A little red beetle walks over my arm. On this wonderfully warm Saturday I have nothing on my to-do list, so I can enjoy our square meter of vegetable garden. During the week, Freddy is the hero in the garden who keeps everything alive. The bean plants tumble over their growing strings and bloom abundantly. The beetle does not mind me making a picture of him. If I would have been a biologist, I would immediately go online to check which species he belongs to.
Last week we visited Down House, where Charles Darwin lived with his family for 40 year. Their garden was slightly larger than ours, and any insect that has ever shown up there is almost certainly indexed. Darwin’s garden was his laboratory. He for instance marked a rectangle in the grass in 1856, about as big as our vegetable garden. During the following years he recorded how many different species emerged and survived there. When it comes to publications he would be considered an incredibly productive scientist today. But he was a man of “independent means” and did not have to painfully collect his salary from project proposals.
In the absence of gardening skills I mainly study nature through books, like The cultural lives of whales and dolphins, from Hal Whitead en Luke Rendell. I guess almost everyone is fascinated by whales and dolphins. If you watched or read the Hitchhiker’s Guide to the Galaxy, you know that dolphins are very intelligent. (watch the dolphins here). The authors of this book take the position that these animals are cultural beings. Just like people are more than their genes, (some) other animals are too.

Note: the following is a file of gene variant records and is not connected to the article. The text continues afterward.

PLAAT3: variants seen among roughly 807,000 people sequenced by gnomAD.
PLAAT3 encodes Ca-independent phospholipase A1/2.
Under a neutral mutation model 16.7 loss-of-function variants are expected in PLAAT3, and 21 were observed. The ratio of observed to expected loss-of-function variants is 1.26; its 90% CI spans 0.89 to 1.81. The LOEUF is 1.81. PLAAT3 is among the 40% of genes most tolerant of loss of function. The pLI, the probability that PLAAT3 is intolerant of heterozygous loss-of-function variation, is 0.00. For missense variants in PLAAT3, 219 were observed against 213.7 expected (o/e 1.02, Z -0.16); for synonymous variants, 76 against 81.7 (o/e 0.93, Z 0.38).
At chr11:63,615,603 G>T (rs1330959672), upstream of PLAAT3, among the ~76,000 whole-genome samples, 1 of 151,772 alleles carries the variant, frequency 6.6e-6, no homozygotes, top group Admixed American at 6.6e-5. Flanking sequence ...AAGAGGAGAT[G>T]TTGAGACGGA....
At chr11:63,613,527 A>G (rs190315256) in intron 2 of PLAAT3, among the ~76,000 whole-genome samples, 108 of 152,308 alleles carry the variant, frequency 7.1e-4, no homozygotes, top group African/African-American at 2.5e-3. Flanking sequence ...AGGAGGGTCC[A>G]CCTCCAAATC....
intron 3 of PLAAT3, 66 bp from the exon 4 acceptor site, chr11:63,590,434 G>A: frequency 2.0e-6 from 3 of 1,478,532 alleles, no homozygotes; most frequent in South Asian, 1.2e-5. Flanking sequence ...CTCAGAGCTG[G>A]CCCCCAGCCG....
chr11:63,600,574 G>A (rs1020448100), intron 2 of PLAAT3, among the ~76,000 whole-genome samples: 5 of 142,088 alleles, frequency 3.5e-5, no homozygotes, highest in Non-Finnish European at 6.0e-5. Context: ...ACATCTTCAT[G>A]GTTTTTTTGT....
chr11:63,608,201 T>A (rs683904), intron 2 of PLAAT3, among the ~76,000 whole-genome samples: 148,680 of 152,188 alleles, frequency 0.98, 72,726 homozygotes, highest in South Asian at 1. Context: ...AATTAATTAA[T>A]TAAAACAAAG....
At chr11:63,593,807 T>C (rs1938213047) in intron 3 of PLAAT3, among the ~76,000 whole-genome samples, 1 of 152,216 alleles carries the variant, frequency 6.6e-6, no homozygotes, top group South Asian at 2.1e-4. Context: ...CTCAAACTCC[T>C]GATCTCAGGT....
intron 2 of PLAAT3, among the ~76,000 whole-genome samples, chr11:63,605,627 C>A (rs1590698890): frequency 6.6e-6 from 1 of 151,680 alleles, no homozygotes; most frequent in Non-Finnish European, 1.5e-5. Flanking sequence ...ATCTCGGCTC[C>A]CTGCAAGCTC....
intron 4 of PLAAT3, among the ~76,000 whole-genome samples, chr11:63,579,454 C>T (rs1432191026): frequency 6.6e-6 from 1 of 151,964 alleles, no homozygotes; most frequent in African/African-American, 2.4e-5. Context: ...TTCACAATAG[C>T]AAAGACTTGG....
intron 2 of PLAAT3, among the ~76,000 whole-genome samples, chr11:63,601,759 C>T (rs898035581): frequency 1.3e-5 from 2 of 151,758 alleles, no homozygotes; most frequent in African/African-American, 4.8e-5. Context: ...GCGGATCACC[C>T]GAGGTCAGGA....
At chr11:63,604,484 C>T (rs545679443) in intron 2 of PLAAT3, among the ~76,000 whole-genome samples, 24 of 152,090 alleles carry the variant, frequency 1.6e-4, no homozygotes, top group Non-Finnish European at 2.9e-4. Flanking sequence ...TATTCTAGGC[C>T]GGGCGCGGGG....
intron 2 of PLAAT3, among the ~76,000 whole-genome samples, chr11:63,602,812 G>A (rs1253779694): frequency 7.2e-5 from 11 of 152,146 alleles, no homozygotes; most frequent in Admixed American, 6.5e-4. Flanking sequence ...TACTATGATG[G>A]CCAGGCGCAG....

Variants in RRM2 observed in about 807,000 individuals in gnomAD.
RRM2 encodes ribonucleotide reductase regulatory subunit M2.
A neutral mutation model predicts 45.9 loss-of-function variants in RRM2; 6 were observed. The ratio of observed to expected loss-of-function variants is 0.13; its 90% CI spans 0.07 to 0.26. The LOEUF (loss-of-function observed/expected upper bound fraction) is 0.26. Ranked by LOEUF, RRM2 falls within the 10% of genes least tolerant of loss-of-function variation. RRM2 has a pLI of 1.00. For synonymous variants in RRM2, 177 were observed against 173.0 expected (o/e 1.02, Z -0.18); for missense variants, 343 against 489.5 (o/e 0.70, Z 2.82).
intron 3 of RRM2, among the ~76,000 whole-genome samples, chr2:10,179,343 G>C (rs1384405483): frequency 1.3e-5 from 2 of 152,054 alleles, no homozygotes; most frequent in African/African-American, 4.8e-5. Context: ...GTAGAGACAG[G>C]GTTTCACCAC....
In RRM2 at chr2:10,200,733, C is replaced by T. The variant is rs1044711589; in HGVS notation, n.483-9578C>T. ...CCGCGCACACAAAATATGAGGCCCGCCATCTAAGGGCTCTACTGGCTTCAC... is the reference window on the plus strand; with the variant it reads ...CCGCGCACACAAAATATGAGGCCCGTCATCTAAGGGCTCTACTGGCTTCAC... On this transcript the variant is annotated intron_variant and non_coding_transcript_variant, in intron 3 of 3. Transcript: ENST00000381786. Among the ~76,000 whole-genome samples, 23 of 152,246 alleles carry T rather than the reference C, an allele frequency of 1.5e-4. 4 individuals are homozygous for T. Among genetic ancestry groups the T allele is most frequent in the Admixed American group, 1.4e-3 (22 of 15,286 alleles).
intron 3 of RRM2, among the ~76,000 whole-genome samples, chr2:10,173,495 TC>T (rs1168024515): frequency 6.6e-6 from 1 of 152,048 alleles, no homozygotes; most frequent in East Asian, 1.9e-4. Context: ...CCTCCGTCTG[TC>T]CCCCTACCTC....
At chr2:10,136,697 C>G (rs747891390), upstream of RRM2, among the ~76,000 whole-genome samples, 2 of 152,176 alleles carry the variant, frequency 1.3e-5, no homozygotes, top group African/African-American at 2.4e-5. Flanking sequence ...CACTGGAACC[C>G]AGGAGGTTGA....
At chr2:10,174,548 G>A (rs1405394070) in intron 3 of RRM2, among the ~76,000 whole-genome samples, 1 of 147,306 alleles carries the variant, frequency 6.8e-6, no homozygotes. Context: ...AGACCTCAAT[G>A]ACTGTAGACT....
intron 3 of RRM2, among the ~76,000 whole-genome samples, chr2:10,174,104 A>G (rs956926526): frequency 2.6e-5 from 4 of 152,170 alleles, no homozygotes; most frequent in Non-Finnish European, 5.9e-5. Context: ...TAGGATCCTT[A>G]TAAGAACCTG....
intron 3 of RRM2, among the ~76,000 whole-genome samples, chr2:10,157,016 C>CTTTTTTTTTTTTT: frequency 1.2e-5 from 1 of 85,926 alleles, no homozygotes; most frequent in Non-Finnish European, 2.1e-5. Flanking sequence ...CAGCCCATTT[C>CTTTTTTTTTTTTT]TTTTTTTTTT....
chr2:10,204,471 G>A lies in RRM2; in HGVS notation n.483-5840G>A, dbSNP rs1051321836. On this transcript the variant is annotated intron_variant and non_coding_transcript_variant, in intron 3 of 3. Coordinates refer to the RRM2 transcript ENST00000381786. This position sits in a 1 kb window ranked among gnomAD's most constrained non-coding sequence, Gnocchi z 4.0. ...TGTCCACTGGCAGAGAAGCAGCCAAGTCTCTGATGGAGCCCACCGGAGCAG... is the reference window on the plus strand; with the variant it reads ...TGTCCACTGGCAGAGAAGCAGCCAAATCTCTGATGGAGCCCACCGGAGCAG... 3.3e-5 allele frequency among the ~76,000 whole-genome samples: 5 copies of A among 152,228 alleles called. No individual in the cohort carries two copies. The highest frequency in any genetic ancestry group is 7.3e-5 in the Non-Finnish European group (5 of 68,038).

When it comes to the history of humanity, I am now reading Yuval Noah Harari, an Israeli who is vegan. But I only discovered that later. The fate of the animals is not the only reason why he calls the transition from hunting-gathering to agriculture ‘History’s biggest fraud’:
The Agricultural Revolution certainly enlarged the sum total of food at the disposal of humankind, but the extra food did not translate into a better diet or more leisure. Rather, it translated into population explosions and pampered elites. The average farmer worked harder than the average forager, and got a worse diet in return.
I also started reading the books on which the TV series Games of Thrones is based. Of course that has been a hype for a long time but I have never seen the series. I actually don’t like movies with a lot of violence, so reading the books seemed like a good compromise. And the first book was really nice, excitement and adventure with a range of colourful characters.
While I’m writing this I’m completely in touch with my inner primate, because I just picked a flea from Ivan’s coat. Nature is all very nice, but I’m happier if the insects stay in the garden.